This is Old South Church. It was designated a National Historic Landmark in 1970 for its architectural significance as one of the finest High Victorian Gothic churches in New England. It is home to one of the older religious communities in the United States.
This was the old state house. As soon as I saw it, I remember Peter telling me that his maternal grandmother stood before this building in 1976, during the bicentennial to hear Queen Elizabeth address the crowd. Each July 4th, the Declaration of Independence is read from this balcony.  

Mike told us that in the 1950s, Boston wanted to tear down this building in order to widen the roads. However, Chicago heard this and wanted to purchase the building... moving brick by brick to Illinois. Boston couldn't allow this to happen, and instead preserved the building. Perhaps without Chicago, this building wouldn't still be here!
I can't help myself. When I see things that remind me of Boston spirit, I snap photos. Anyone who knows Boston, knows they love their sports!!!
How about this man hole cover? Right in the middle of Quincy Market. With the Boston Bruins (ice hockey) logo!
Me at Quincy Market. I remember visiting this Market when I was still living in New York (middle school). It was a school trip, and I found the Market incredible back then. 

Quincy Market is a historic market complex near Faneuil Hall in downtown Boston, Massachusetts. It was constructed in 1824–26 and named in honor of Mayor Josiah Quincy, who organized its construction without any tax or debt. The market is a designated National Historic Landmark and Boston Landmark, significant as one of the largest market complexes built in the United States in the first half of the 19th century.
The beginning of the The Rose Fitzgerald Kennedy Greenway.  A linear park consisting of landscaped gardens, promenades, plazas, fountains, art, and specialty lighting systems that stretch over one mile through the Chinatown, Financial District, Waterfront, and North End neighborhoods. It is hard to believe before the "Big Dig" this was a central artery for traffic in Boston. 

Built c.1680, this was the colonial home of American patriot Paul Revere during the time of the American Revolution.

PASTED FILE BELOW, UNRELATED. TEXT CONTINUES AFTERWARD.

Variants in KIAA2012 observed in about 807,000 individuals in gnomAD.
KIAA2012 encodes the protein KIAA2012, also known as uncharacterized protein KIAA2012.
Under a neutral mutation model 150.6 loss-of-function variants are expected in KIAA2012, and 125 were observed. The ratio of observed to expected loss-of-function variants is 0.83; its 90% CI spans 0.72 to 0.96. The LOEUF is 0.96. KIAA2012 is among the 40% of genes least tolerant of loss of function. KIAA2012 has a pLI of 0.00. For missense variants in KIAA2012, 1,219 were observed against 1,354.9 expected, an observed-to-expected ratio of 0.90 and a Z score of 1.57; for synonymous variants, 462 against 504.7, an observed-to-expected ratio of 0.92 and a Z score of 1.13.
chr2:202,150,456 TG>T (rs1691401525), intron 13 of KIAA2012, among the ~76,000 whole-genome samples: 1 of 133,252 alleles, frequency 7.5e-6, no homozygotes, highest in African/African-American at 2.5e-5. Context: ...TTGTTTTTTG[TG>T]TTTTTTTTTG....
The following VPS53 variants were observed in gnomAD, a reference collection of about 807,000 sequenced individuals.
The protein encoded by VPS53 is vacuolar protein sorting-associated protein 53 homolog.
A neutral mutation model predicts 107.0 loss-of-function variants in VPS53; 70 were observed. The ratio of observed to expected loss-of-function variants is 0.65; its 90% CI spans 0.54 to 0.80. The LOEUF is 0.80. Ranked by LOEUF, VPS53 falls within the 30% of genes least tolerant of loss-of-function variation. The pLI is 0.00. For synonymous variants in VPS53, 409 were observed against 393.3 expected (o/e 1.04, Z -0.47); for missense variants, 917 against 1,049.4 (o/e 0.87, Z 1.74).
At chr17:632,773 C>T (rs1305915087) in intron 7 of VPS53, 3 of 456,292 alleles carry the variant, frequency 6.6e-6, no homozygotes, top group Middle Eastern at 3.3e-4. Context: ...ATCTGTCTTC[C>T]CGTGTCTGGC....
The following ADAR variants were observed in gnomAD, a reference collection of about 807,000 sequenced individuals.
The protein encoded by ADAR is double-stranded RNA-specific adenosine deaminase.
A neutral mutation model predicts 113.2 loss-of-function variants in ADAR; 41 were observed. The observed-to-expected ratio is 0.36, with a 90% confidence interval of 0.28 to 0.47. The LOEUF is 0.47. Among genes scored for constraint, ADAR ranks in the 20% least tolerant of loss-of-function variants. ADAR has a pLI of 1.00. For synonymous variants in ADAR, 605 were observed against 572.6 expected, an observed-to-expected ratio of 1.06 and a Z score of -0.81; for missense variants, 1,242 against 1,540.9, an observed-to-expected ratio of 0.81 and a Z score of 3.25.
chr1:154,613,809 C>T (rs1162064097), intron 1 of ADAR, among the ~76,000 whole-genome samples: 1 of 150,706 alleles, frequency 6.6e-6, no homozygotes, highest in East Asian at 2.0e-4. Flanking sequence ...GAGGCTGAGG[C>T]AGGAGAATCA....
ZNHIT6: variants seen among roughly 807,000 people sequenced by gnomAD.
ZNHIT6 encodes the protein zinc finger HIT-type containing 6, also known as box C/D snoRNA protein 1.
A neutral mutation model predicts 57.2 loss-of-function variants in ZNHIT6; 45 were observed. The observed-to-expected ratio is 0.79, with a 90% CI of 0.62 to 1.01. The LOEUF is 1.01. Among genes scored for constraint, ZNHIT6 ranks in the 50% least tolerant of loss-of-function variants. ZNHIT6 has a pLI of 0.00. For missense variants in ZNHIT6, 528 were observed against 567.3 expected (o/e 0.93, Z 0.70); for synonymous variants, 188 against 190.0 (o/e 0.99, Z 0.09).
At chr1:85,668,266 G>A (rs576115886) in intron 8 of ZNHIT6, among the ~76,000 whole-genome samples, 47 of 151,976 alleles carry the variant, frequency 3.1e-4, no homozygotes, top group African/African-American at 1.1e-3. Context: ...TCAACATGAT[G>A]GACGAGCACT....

The beautiful North End. The Italian district in Boston. Today, around 25% of residents are Italian. 
More Boston Humor. A shirt that translates to "wicked smart!"
This is Cantina Italiano! When I lived in Boston, and attended graduate school, Peter and I used to eat at this restaurant. 
Old North Church in the distance with Paul Revere Statue. This is the location from which the famous "One if by land, two if by sea" signal is said to have been sent. This phrase is related to Paul Revere's midnight ride, of April 18, 1775, which preceded the Battles of Lexington and Concord during the American Revolution.

Two plaques are on display at the Iraq-Afghanistan Memorial located within the Old North Memorial Garden. One plaque describes the dog tags as representing each American service person who lost their life in the wars (the count currently stands at 6,970). The second plaque, a bronze poppy wreath, honors service persons from the British Commonwealth that have died.
The Old North Church is a mission of the Episcopal Diocese of Massachusetts. It was built in 1723 and is the oldest standing church building in Boston and a National Historic Landmark. 
Though we did not go into the church, it felt like we were standing on a piece of history! In fact, I would say that about the entire Freedom Trail. Definitely a MUST when in Boston. 

Meanwhile this afternoon I got a text from my sister in law, Lisa. Lisa, Chris (Peter's brother), Sydney (my niece) and Will (my nephew) got in their boat and came along side our ship to wave at us. It was a ton of fun trying to find each other!
To give you some perspective of our height difference!!! We waved, texted each other, shouted at each other, and they blew their boat horn at me! Love it. 

August 16, 2019

Friday, August 16, 2019

Friday, August 16, 2019

Tonight's picture was taken in August of 2008. As you can see, Mattie was drawing all over the white erase board in his hospital room. When Mattie was not drawing there (which honestly he rarely did), what you would see instead were numbers. As we had to record Mattie's intake and output volumes each day while in the hospital. I am talking about 24/7. At first it was hard to get into that routine, but after doing it enough, going to the board and recording volumes became second nature to us.